Owing to a cyber attack last autumn, the British Library’s digital resources were down. However, the Newsroom assistant dug me out a microfilm of the only obituary that ran after Connell died in 1949. Using an ancient microfilm reader machine, and an outsize magnifying glass, I squinted at the tiny, faded letters of the few paragraphs in The New York Times.

What I deciphered was a rather cursory account of Connell’s career, but two details stuck out. The first was how he earned his first break in journalism. At Harvard, as editor of the university magazine The Crimson, he launched a coruscating attack on a certain newspaper publisher. Outraged, the man sued The Crimson—but he offered Connell a job. The second was the fact that Connell did indeed serve in France during the War. He spent a year there with the 27th New York Division, during which time he edited the camp newspaper, Gas Attack.

With so little data, what follows has to be speculative. Yet, like a tweak on the dial of a microfilm reader, these details help to bring the themes of Connell’s work into sharper focus.

On one level, The Most Dangerous Game is a classically structured narrative of a man with a character flaw that is brutally exposed by events. At the start of the story, the hunter Rainsford callously declares that animals, being mere brutes, don’t suffer from fear of pain or death. “The world is made up of two classes, the hunters and the huntees,” he asserts. 

Soon, at the hands of General Zaroff, he will learn “how an animal at bay feels”. The Russian reveals that, bored of tigers, he has ingeniously lighted on a more challenging prey. It is the “most dangerous game” of the title: the only animal, in fact, that is “able to reason”. Rainsford gasps, “But you can’t mean—” Alas, this is just what Zaroff means. At first he hopes that Rainsford, as a connoisseur of hunting, will wish to join him. Rainsford hotly refuses. At which, Zaroff has an even better idea. “You don’t mean—” Rainsford exclaims once again.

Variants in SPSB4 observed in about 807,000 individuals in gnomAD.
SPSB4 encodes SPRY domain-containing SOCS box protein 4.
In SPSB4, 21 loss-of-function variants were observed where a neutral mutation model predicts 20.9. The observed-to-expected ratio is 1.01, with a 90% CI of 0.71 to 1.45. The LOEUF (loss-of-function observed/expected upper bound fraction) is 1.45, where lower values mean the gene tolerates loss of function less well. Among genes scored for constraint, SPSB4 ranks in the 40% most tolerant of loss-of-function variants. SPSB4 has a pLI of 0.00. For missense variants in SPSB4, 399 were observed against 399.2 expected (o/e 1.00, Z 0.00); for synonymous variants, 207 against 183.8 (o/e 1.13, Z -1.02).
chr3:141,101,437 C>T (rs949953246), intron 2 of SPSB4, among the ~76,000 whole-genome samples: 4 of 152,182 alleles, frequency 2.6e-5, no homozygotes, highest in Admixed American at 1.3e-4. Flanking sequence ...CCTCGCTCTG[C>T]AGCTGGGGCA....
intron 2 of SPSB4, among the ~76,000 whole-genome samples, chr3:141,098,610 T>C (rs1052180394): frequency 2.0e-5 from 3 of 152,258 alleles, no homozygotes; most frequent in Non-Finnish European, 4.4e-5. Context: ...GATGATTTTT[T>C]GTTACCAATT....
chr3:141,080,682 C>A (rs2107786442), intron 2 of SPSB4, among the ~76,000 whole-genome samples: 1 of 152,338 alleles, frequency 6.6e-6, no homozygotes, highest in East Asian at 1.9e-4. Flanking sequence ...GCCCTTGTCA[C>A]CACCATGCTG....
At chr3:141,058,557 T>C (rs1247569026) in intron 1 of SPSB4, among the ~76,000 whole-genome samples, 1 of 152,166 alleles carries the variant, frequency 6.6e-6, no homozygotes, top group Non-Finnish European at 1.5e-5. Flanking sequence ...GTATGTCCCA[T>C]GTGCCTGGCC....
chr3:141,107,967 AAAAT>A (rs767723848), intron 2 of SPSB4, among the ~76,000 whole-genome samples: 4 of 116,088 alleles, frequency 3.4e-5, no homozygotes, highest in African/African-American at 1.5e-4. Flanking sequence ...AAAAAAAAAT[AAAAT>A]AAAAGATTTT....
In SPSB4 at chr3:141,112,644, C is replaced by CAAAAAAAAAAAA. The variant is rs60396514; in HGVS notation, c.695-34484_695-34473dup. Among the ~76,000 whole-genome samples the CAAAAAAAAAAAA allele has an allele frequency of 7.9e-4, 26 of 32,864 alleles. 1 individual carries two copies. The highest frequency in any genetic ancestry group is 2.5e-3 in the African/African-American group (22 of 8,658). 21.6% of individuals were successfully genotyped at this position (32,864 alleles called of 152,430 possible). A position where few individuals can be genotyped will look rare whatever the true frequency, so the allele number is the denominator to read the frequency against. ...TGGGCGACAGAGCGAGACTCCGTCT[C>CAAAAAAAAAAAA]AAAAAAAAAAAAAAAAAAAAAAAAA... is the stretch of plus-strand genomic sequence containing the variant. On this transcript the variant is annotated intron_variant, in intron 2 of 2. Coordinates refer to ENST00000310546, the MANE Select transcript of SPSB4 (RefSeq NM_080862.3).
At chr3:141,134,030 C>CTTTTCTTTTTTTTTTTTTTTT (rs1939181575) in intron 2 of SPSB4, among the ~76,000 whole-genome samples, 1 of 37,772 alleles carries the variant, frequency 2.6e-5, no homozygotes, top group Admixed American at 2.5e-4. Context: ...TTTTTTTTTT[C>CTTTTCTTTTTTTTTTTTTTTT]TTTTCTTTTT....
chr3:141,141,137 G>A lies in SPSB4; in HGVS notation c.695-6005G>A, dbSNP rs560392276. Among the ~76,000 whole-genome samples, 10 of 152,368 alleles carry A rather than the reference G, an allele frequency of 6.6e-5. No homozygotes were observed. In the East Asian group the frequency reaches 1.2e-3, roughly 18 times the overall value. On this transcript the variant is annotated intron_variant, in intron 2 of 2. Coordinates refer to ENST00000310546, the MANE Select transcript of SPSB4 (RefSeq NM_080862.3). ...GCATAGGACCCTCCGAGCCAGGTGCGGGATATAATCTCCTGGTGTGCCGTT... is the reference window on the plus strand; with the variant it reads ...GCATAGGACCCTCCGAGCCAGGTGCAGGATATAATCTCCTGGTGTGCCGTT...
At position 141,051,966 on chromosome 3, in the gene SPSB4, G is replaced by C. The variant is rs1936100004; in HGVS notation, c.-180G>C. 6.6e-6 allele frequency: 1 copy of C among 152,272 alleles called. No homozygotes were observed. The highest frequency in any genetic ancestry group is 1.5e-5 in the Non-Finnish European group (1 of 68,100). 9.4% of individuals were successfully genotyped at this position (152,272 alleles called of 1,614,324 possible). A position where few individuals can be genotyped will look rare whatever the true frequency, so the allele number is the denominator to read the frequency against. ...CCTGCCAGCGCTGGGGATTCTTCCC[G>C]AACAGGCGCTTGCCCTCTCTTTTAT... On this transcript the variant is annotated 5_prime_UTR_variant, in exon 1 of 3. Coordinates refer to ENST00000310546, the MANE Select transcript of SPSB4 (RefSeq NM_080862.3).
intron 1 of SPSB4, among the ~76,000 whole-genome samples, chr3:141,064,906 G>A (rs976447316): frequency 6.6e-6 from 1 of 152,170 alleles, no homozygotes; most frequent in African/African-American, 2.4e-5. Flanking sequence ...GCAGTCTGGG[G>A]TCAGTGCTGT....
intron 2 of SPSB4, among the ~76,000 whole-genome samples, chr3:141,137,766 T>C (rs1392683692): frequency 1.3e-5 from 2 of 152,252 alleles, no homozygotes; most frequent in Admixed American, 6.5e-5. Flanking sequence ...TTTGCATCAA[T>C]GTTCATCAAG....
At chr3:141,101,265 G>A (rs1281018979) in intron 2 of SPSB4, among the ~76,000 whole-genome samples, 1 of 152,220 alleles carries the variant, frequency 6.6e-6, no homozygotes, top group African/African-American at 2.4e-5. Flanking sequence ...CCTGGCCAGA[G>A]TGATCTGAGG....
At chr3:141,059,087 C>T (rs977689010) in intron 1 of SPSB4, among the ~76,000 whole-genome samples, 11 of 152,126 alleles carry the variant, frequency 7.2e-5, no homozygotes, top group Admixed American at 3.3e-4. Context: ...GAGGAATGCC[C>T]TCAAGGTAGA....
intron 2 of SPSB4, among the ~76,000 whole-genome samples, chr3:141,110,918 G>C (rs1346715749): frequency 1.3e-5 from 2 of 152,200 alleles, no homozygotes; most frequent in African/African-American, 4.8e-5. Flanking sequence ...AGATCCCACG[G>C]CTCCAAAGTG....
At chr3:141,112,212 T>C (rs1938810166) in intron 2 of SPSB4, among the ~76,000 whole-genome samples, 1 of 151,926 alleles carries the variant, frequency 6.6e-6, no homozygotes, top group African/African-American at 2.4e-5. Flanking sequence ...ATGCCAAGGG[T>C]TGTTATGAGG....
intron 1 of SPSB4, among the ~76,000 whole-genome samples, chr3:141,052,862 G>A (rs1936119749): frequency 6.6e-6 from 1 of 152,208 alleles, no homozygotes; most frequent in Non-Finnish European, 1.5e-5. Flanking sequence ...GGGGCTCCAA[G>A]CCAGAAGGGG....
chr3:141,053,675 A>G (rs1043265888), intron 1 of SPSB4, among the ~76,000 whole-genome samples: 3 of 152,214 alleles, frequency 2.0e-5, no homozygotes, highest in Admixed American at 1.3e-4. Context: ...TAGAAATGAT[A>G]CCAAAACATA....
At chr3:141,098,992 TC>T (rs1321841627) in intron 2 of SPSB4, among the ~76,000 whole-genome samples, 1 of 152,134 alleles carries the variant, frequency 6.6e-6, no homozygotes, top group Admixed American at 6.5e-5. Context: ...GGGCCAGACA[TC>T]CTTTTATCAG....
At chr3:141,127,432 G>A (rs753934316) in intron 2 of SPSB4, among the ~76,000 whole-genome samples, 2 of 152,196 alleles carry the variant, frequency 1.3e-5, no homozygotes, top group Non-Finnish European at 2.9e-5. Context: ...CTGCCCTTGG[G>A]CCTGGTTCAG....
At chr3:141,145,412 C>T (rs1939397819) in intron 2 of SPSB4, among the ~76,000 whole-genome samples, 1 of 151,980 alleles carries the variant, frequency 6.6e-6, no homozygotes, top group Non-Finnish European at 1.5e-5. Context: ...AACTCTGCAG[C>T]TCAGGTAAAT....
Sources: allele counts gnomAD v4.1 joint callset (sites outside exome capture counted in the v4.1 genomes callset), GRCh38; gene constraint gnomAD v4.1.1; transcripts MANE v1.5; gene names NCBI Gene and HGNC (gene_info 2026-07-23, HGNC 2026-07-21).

Yet, once again, this is what Zaroff means. What it means for us, meanwhile, is that we are evidently in the hands of an author who isn’t shy of a cliché. Nevertheless, Connell knows how to ratchet up the tension. The cat-and-mouse game that follows—as Rainsford is given three days to survive in the tangle of jungle on the island, while Zaroff hunts him with the help of a pack of baying hounds and an enormous Cossack named Ivan—is edge-of the-seat stuff. As one judge of the O. Henry Award observed, it made him “sit erect and hold his breath”.

To delve more deeply into the story, I speak to Bryan Senn, author of The Most Dangerous Cinema, an excellent study of all the movie adaptations of the story over the decades.